Compartmentalizing and keeping “work at work” – be it the pressure of law school or the emotionally-heavy sexual abuse research – keeps school/work from bleeding over and taking over my entire life. (Except for exam season, which unavoidably takes over my life, but that’s only a few weeks each semester!)
Second, I maintained friendships and hobbies outside of law school. If my readings were incomprehensible or I staggered through a bad cold call, it was such a relief to have a reminder that there was and is more to life than law school.
Third, I’m Christian, and having a spiritual practice really helps me maintain a healthy perspective and stay grateful even when I’m getting bogged down in heaps of readings and feeling overwhelmed and insecure.
5) What are some of the things you do to take time out and recharge?
Anything that forces me to be away from my laptop/phone, and usually involving other people since I’m a major extrovert.
I love rock climbing because you have to intensely focus on the problem at hand – your attention can’t be divided with worrying about work! Completing routes feels like small, tangible “wins” for the day. Since I top-rope/lead climb, I always need a partner, so that’s built-in social time on top of getting a great workout!
On weekends, I try to get outside as much as possible: hiking, backpacking, kayaking, whatever. I’m part of a women-in-the-outdoors organization in D.C. that has made outdoor adventuring a lot more accessible for me, since I don’t have a car!
I also attend church weekly and try to pray through the day’s compline before I go to bed. It gets me in such a peaceful and re-energized headspace and makes the frustrations of the day feel so much more manageable.
This past year, I made a Sunday night tradition of making baked salmon and veggies with a homemade honey-dijon sauce (with honey from the bees my dad and I keep back in North Carolina) and a nice glass of… sparkling water. Something about having one favorite, slightly-elevated meal to kick off the week always made me happy – and it was healthy, too!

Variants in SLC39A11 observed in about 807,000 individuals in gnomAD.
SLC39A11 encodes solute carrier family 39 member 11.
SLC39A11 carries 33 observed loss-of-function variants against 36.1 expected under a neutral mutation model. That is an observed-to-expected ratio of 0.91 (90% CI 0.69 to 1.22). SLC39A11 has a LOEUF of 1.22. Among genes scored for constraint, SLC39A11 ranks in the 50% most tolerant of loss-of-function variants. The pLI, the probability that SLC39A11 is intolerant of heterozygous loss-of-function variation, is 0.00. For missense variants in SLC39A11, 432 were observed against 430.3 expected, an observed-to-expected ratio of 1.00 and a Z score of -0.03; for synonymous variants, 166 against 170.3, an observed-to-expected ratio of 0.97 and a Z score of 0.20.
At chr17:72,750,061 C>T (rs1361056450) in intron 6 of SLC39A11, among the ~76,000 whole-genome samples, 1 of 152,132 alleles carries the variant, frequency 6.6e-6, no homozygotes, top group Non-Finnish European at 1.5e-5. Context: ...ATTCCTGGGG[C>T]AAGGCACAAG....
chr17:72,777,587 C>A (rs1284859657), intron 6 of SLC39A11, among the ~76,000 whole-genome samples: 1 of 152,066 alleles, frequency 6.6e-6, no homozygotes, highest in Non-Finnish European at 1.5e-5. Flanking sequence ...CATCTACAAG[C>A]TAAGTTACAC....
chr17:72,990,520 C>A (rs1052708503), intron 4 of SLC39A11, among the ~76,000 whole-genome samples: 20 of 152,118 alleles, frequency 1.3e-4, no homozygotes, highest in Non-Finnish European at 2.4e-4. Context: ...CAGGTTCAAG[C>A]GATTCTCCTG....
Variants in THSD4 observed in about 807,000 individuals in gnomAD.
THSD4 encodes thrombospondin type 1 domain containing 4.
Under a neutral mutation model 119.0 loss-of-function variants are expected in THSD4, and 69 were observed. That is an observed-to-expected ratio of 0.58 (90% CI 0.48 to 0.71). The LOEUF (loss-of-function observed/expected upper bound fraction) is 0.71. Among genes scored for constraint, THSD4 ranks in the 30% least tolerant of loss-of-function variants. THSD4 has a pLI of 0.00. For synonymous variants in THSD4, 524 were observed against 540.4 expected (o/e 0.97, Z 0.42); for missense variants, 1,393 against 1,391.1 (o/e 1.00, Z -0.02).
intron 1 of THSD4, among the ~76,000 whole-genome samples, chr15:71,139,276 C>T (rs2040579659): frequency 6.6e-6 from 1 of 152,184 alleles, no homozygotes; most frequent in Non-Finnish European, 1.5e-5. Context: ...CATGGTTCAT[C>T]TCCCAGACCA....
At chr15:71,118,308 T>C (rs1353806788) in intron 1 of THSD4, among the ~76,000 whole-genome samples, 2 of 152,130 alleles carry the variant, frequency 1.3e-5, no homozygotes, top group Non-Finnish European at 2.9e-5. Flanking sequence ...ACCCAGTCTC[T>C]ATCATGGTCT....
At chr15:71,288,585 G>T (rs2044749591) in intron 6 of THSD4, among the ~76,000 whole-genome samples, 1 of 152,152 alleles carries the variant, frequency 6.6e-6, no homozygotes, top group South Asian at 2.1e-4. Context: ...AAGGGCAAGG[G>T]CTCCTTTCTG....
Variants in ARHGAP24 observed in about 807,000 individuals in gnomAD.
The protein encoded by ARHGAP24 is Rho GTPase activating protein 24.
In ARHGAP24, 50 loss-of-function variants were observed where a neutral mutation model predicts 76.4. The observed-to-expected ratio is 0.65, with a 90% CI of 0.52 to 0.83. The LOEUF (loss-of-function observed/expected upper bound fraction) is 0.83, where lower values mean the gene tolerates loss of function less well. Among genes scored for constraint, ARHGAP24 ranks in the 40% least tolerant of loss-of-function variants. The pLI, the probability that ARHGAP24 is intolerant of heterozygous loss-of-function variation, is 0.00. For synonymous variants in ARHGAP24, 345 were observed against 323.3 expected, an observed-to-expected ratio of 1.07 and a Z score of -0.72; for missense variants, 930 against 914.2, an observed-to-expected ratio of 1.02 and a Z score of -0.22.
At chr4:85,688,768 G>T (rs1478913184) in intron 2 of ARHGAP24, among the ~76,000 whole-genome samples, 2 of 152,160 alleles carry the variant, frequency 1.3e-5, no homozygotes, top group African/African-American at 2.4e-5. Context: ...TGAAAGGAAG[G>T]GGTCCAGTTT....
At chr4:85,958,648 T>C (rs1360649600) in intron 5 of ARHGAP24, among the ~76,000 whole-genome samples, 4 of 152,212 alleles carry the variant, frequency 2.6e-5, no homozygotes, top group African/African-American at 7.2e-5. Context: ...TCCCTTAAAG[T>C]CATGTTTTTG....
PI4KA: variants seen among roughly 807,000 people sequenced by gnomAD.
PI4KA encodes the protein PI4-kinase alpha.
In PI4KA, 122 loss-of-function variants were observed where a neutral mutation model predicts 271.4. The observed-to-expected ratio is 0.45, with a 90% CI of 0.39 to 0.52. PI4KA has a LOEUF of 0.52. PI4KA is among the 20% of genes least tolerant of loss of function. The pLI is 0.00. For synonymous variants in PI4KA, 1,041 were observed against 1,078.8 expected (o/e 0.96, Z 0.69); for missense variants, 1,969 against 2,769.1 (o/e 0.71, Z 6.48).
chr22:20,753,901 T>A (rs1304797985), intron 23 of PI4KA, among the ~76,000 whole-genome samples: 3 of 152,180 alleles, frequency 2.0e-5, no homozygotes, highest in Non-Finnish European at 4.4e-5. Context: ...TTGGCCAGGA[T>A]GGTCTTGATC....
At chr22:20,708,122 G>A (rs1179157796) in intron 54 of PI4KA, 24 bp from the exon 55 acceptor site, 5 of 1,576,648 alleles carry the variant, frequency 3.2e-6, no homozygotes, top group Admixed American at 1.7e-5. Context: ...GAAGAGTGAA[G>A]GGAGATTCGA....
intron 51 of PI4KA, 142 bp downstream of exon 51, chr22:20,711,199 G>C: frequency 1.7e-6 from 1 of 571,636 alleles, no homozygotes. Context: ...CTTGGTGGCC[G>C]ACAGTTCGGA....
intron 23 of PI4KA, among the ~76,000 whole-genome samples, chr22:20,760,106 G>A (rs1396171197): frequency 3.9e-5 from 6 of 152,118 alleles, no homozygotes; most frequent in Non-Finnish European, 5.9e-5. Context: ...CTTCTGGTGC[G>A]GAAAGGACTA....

This is all “scheduled” recharge time – if I’m in the middle of something and feel the panic / distraction / frustrating welling, I stop what I’m doing and write down five things I’m grateful for on a post-it note.
I started my grateful post-its while working at the firm, and I have kept every single one in a mug on my desk! I’ll read through a few of my saved ones when I’m having a particularly bad day, and it always gives me a little boost of encouragement.
6) Are there any gadgets, tools or products can’t you live without?
For school, I go for the opposite of gadgets – actual textbooks, a book stand, binders with loose-leaf paper, and a spiral-bound planner!
I tried a semester of scanning all my readings and reading them on my laptop and it did NOT work as well as having the tangible book in front of me. My laptop and phone are blaring sources of distraction most of the time, and I don’t possess the willpower to not open ten different chats and iMessage in class – so the less technology, the better.
Outside of school, I love my white-noise machine and my oil diffuser for maintaining peaceful energy in my home.
I feel naked without my FitBit (I have the Charge 2) and it’s a great motivator for dragging myself to the treadmill – but I always take it off to sleep, because reading how restless I was or how many times I woke up at night was making me anxious and in turn, giving me poorer quality sleep.
Also, the sole reason I didn’t entirely survive off of pizza 1L year was my InstantPot. I got it for my birthday last year and meal prep with it once a week. My go-to meals are veggie chili, chana masala, and taco soup!
7) Do you have any books that you love and would like to recommend?
I read a lot for school and work, usually very dense and very heavy material. When the rare privilege of reading-for-fun occurs, I stick to fiction or memoirs.
My three favorites I’ve read from the past year are:
- Exit West by Mohsin Hamid
- Educated: A Memoir by Tara Westover
- The Girl Who Smiled Beads: A Story of War and What Comes After by Clemantine Wamariya and Elizabeth Weil.
I also keep Streams in the Desert by L.B. Cowman on my nightstand for a quick, 2-minute daily devotional.
8) What is the number one thing you do to make sure you get the most out of your day?
Make a list and CROSS THINGS OFF. I am typically very scattered and try (and fail) at multitasking, but when I have a set, specific list, things actually get DONE instead of started-and-abandoned and I feel accomplished.